Anyone that thinks a windvane never fails, hasn't spent much time in areas where cruisers end passages. Welders and machinist get lots of business when the seasonal flock arrives.

They maybe more reliable than an autopilot, but they aren't as infallible as some seem to think.

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Old 28-11-2019, 14:10   #22
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Re: Electronic Autohelm or Self Steering Wind Vane?

I have both electric and a Monitor Wind Van. I never use the electric because the Monitor is so good, matter fact it can steer the vessel better then me and never gets tired. The worse the weather the better it works and if it should ever need repair (thousands of ocean miles without) I can repair it myself with no special tools or skills. Canít imagine being without it, even works while motoring as long as there is 5-8 itís appairait wind to activate the wind vane. Best piece of equipment Iíve ever owned.
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Old 28-11-2019, 14:16   #23
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Re: Electronic Autohelm or Self Steering Wind Vane?

Vanes will on rare occasion fail. But when they do, they can usually be fixed or jerry rigged by the sailor, especially if they have the recommended spare parts onboard. The most common failure by far is when one of the control lines fails due to chafe - when this happens, just replace the chafed line. We also had one of the pulleys routing the control line to the wheel fail. Replaced it from our stock of spares and we were back in business.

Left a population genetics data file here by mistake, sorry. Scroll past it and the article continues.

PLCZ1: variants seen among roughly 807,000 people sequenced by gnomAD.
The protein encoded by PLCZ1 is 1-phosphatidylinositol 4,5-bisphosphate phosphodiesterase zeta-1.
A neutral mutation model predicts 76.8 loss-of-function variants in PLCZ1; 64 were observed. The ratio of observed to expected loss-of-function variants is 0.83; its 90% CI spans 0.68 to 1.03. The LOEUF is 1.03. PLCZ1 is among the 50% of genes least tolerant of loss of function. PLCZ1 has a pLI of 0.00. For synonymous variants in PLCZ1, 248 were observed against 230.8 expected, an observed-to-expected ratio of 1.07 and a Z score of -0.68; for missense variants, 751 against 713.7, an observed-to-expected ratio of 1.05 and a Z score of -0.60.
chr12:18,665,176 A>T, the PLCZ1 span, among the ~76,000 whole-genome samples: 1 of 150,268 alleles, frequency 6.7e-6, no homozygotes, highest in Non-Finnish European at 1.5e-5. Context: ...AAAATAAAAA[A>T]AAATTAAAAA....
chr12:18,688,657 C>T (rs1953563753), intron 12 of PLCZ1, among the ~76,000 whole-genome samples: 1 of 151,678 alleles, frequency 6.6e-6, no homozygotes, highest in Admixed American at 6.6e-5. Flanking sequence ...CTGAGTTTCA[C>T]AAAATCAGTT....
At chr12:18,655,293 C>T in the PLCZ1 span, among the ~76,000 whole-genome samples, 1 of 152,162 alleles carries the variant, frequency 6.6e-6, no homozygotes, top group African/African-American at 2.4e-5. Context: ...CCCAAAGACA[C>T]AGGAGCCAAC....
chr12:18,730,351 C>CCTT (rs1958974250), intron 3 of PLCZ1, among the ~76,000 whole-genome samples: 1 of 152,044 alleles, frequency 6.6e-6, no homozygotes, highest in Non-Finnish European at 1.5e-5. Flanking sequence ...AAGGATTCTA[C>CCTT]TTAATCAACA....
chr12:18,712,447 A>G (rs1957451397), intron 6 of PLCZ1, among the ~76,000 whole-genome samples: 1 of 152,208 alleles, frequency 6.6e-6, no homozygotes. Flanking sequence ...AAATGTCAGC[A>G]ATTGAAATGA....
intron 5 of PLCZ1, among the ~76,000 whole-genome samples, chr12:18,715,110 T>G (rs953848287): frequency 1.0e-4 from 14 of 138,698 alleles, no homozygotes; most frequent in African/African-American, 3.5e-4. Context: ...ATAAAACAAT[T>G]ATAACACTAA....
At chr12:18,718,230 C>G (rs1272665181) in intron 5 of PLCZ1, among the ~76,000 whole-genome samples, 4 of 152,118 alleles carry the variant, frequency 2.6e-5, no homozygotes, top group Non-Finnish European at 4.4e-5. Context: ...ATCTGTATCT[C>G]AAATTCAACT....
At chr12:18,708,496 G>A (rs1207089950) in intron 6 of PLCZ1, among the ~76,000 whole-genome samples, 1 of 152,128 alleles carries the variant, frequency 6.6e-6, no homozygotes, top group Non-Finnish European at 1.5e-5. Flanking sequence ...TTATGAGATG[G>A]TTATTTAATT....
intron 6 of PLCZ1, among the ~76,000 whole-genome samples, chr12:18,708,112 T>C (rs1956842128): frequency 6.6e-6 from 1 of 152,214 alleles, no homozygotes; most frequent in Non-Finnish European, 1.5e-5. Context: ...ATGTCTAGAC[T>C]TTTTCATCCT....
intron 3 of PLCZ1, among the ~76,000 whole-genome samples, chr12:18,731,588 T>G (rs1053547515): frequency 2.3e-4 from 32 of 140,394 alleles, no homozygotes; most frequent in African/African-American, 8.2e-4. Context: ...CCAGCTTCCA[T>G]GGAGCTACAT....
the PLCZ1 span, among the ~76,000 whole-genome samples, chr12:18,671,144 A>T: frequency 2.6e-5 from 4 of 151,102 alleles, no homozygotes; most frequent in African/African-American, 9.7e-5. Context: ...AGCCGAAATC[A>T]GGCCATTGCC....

On the very rare occasion that they can't be fixed while underway (heard stories of it but never actually saw such a failure with my own eyes), they can usually be repaired by any local welder upon arrival.

On the other hand, when an autopilot fails, unless you have a spare of the component that failed, you're sort of out of luck until you get somewhere that you can get one sent to and then have to wait for it to arrive.
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Old 28-11-2019, 15:46   #24
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Re: Electronic Autohelm or Self Steering Wind Vane?

Have sailed a lot of miles with an Aires, WindPilot Pacific Plus, and a WindPilot Pacific Light. First two were on long keel boats and would steer the boat if it would sail.